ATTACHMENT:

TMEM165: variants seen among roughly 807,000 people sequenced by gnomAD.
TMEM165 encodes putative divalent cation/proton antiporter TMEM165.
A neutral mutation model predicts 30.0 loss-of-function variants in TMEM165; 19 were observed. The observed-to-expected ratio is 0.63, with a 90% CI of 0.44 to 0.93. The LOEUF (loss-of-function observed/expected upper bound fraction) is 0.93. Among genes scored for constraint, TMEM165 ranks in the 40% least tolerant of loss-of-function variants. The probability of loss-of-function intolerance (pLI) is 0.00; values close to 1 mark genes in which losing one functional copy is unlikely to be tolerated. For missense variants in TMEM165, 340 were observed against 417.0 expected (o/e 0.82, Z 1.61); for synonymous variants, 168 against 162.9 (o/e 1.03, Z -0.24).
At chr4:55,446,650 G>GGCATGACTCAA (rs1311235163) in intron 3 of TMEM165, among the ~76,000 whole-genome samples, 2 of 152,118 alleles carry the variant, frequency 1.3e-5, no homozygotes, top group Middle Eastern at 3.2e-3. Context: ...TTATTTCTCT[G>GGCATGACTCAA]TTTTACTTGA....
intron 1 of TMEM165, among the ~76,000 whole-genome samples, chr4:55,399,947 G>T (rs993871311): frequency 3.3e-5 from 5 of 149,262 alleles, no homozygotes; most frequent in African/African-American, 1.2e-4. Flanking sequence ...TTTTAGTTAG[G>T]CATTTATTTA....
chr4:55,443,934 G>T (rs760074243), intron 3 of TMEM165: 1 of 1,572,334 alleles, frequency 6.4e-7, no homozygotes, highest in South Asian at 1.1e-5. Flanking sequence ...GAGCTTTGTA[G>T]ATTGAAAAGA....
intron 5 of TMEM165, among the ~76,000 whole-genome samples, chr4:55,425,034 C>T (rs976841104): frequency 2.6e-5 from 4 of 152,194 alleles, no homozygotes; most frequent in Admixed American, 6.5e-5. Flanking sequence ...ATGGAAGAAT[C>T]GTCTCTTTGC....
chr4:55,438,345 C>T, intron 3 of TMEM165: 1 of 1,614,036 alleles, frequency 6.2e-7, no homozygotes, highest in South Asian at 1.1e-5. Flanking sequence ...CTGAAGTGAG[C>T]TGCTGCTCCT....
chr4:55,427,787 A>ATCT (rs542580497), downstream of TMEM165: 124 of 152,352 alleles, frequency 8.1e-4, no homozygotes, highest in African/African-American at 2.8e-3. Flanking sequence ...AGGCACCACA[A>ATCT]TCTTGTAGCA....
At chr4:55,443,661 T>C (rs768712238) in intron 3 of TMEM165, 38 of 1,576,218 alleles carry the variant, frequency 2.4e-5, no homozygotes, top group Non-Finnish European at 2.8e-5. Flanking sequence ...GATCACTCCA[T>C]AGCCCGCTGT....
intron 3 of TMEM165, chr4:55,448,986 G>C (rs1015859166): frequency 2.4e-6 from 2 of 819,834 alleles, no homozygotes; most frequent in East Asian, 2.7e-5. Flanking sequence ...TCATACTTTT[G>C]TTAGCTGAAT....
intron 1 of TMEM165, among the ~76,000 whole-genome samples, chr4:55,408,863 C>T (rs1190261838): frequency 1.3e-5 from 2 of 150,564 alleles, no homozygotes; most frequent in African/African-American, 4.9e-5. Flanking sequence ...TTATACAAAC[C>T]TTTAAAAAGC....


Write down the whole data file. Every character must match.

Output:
TMEM165: variants seen among roughly 807,000 people sequenced by gnomAD.
TMEM165 encodes putative divalent cation/proton antiporter TMEM165.
A neutral mutation model predicts 30.0 loss-of-function variants in TMEM165; 19 were observed. The observed-to-expected ratio is 0.63, with a 90% CI of 0.44 to 0.93. The LOEUF (loss-of-function observed/expected upper bound fraction) is 0.93. Among genes scored for constraint, TMEM165 ranks in the 40% least tolerant of loss-of-function variants. The probability of loss-of-function intolerance (pLI) is 0.00; values close to 1 mark genes in which losing one functional copy is unlikely to be tolerated. For missense variants in TMEM165, 340 were observed against 417.0 expected (o/e 0.82, Z 1.61); for synonymous variants, 168 against 162.9 (o/e 1.03, Z -0.24).
At chr4:55,446,650 G>GGCATGACTCAA (rs1311235163) in intron 3 of TMEM165, among the ~76,000 whole-genome samples, 2 of 152,118 alleles carry the variant, frequency 1.3e-5, no homozygotes, top group Middle Eastern at 3.2e-3. Context: ...TTATTTCTCT[G>GGCATGACTCAA]TTTTACTTGA....
intron 1 of TMEM165, among the ~76,000 whole-genome samples, chr4:55,399,947 G>T (rs993871311): frequency 3.3e-5 from 5 of 149,262 alleles, no homozygotes; most frequent in African/African-American, 1.2e-4. Flanking sequence ...TTTTAGTTAG[G>T]CATTTATTTA....
chr4:55,443,934 G>T (rs760074243), intron 3 of TMEM165: 1 of 1,572,334 alleles, frequency 6.4e-7, no homozygotes, highest in South Asian at 1.1e-5. Flanking sequence ...GAGCTTTGTA[G>T]ATTGAAAAGA....
intron 5 of TMEM165, among the ~76,000 whole-genome samples, chr4:55,425,034 C>T (rs976841104): frequency 2.6e-5 from 4 of 152,194 alleles, no homozygotes; most frequent in Admixed American, 6.5e-5. Flanking sequence ...ATGGAAGAAT[C>T]GTCTCTTTGC....
chr4:55,438,345 C>T, intron 3 of TMEM165: 1 of 1,614,036 alleles, frequency 6.2e-7, no homozygotes, highest in South Asian at 1.1e-5. Flanking sequence ...CTGAAGTGAG[C>T]TGCTGCTCCT....
chr4:55,427,787 A>ATCT (rs542580497), downstream of TMEM165: 124 of 152,352 alleles, frequency 8.1e-4, no homozygotes, highest in African/African-American at 2.8e-3. Flanking sequence ...AGGCACCACA[A>ATCT]TCTTGTAGCA....
At chr4:55,443,661 T>C (rs768712238) in intron 3 of TMEM165, 38 of 1,576,218 alleles carry the variant, frequency 2.4e-5, no homozygotes, top group Non-Finnish European at 2.8e-5. Flanking sequence ...GATCACTCCA[T>C]AGCCCGCTGT....
intron 3 of TMEM165, chr4:55,448,986 G>C (rs1015859166): frequency 2.4e-6 from 2 of 819,834 alleles, no homozygotes; most frequent in East Asian, 2.7e-5. Flanking sequence ...TCATACTTTT[G>C]TTAGCTGAAT....
intron 1 of TMEM165, among the ~76,000 whole-genome samples, chr4:55,408,863 C>T (rs1190261838): frequency 1.3e-5 from 2 of 150,564 alleles, no homozygotes; most frequent in African/African-American, 4.9e-5. Flanking sequence ...TTATACAAAC[C>T]TTTAAAAAGC....